Warne found another companion in Clark, and they put on a further 68 for the ninth wicket. The Warne magic is so pervasive that many spectators convinced themselves he would, at the very last attempt, reach the Test century that had so cruelly eluded him. It was a slash-and-burn innings that had pretty much everything, including some characteristically lippy exchanges with Collingwood. But there was no century: after Clark went, Warne had insufficient trust in McGrath, and was stumped on 71, made in 65 balls.
England, 102 behind, found trouble right away. Cook went quickly and, two balls later, Lee felled Strauss with a 93mph bouncer that hit him on the base of the helmet. He resumed groggily, but not for long enough. England were soon 98 for four. They inched into the lead shortly before the third-day close. Then, to a thunderous cheer, Warne returned to the attack.
He had bowled an over before tea, possibly the worst of his life, including three full tosses which Bell smacked through the on side for four. The first over of his second spell was notably stiff. In the next, Flintoff reached right forward to stun a leg-break. He missed, wearily failed to get his back foot behind the line, and thus became Warne's 708th and last Test victim.
Next morning, the ground was still 80% full. But the insanely confusing practice of varying the starting time to make up for interruptions meant that most of the crowd missed the one moment that might have mattered: Pietersen was caught behind off the third ball of the day.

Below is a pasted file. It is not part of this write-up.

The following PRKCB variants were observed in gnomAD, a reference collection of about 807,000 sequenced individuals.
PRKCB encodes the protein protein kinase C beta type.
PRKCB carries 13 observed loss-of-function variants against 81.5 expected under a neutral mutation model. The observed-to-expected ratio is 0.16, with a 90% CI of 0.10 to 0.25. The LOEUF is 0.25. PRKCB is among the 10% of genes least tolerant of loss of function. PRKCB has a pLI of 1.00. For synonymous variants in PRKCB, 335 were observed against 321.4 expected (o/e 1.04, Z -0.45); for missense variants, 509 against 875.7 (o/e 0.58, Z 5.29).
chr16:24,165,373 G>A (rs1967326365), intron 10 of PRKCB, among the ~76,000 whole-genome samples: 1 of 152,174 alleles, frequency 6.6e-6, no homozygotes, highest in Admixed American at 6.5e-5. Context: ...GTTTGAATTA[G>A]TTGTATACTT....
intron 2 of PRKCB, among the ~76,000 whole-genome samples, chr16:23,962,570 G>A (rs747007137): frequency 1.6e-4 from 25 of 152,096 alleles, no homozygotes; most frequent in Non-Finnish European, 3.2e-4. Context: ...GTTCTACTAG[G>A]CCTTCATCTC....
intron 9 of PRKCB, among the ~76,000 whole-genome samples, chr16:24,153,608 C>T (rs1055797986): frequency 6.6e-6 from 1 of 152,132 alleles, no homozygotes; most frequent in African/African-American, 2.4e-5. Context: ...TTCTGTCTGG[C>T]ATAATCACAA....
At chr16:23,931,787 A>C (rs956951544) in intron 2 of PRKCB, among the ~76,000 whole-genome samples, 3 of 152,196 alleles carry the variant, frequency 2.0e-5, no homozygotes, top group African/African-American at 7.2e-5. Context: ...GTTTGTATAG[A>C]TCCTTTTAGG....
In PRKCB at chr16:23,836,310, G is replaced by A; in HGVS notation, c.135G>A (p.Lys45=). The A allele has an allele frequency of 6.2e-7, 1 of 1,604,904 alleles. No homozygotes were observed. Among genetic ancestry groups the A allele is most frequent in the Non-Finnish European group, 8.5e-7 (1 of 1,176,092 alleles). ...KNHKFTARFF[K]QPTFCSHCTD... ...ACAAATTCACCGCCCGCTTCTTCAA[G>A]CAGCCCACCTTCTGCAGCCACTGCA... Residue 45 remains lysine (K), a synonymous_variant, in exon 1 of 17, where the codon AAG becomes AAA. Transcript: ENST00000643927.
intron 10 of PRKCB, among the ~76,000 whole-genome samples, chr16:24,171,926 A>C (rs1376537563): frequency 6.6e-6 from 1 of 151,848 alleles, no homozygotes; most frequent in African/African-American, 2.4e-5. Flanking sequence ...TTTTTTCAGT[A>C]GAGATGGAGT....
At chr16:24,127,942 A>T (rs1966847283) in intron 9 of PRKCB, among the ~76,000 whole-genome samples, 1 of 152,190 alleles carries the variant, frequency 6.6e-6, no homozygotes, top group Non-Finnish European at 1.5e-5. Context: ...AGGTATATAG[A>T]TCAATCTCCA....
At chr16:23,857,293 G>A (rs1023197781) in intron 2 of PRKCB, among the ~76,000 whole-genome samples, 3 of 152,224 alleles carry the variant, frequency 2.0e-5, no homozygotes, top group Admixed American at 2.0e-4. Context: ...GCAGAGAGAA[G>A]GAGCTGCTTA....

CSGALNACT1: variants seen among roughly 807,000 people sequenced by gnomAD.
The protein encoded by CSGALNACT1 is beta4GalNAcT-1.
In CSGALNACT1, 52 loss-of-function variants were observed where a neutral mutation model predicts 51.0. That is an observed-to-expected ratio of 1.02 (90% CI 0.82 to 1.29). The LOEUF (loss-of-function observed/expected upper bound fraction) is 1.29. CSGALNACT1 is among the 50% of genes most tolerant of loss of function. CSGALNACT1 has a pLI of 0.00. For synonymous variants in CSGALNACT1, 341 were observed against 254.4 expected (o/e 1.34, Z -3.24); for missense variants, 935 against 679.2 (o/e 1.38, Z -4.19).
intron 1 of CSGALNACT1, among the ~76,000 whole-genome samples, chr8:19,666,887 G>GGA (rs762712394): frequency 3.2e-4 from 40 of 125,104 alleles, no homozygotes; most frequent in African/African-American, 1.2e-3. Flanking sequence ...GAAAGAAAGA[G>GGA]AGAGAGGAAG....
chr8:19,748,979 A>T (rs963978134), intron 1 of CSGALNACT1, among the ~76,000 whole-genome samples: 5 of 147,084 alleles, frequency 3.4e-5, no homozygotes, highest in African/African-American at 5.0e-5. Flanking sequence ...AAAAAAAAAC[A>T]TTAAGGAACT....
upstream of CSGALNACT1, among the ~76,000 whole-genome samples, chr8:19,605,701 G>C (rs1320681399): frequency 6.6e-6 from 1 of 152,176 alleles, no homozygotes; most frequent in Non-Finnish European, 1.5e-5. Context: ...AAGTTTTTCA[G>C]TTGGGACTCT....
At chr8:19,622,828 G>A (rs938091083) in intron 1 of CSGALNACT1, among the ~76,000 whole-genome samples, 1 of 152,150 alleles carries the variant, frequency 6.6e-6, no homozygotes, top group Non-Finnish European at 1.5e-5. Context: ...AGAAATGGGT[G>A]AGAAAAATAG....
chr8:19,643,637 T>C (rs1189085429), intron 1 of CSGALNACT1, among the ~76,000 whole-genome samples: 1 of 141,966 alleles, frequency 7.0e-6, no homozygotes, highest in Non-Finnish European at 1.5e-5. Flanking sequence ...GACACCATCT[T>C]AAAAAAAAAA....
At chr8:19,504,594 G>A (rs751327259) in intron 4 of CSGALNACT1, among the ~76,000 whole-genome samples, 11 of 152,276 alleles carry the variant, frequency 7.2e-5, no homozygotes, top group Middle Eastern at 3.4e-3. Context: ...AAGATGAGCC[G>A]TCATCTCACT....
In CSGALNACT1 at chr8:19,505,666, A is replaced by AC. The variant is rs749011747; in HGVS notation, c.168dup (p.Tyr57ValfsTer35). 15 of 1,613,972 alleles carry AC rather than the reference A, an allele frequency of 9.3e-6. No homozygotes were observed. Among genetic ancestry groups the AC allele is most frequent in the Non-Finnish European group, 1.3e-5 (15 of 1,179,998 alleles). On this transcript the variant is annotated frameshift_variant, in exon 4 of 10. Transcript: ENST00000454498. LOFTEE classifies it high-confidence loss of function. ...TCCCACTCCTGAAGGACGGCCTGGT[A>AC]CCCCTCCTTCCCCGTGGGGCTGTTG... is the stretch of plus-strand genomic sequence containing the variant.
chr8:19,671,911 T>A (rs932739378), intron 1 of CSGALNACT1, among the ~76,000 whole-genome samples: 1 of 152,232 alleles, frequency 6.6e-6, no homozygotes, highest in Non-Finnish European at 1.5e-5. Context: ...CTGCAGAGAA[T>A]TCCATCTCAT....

Thirteen minutes before lunch, the cricket was over, Hayden declining to mess about and give Langer the honour of hitting the winning run. There were still two hours of presentations, celebrations, perambulations and congratulations before the crowd dispersed to let the Australians perform their private rituals in the dressing-room. There they were joined by their former colleague Damien Martyn, who had exiled himself so completely after Adelaide that no one was sure where he was.
There were two significant moments in the field: Warne was first to come back to shake hands with his vanquished opponents; and Flintoff went over to the Barmy Army and salaamed them. In contrast to 2005, few will have felt moved to salaam him back.
Man of the Match: S. R. Clark. Attendance: 170,168. Compton-Miller Medal: R. T. Ponting.